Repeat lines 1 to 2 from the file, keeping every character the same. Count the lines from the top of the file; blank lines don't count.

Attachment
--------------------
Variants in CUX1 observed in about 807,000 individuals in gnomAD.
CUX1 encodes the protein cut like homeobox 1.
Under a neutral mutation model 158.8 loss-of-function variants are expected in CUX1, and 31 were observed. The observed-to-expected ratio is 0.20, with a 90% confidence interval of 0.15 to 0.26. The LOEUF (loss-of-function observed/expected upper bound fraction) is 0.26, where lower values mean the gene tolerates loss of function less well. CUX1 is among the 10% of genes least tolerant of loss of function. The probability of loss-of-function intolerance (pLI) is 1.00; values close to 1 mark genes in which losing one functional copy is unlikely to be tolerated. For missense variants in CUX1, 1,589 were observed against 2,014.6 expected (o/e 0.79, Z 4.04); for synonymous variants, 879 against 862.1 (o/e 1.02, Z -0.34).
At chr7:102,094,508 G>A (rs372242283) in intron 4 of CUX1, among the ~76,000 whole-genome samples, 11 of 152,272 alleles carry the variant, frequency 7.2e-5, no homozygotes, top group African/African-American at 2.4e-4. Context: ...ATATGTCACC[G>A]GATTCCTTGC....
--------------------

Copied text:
Variants in CUX1 observed in about 807,000 individuals in gnomAD.
CUX1 encodes the protein cut like homeobox 1.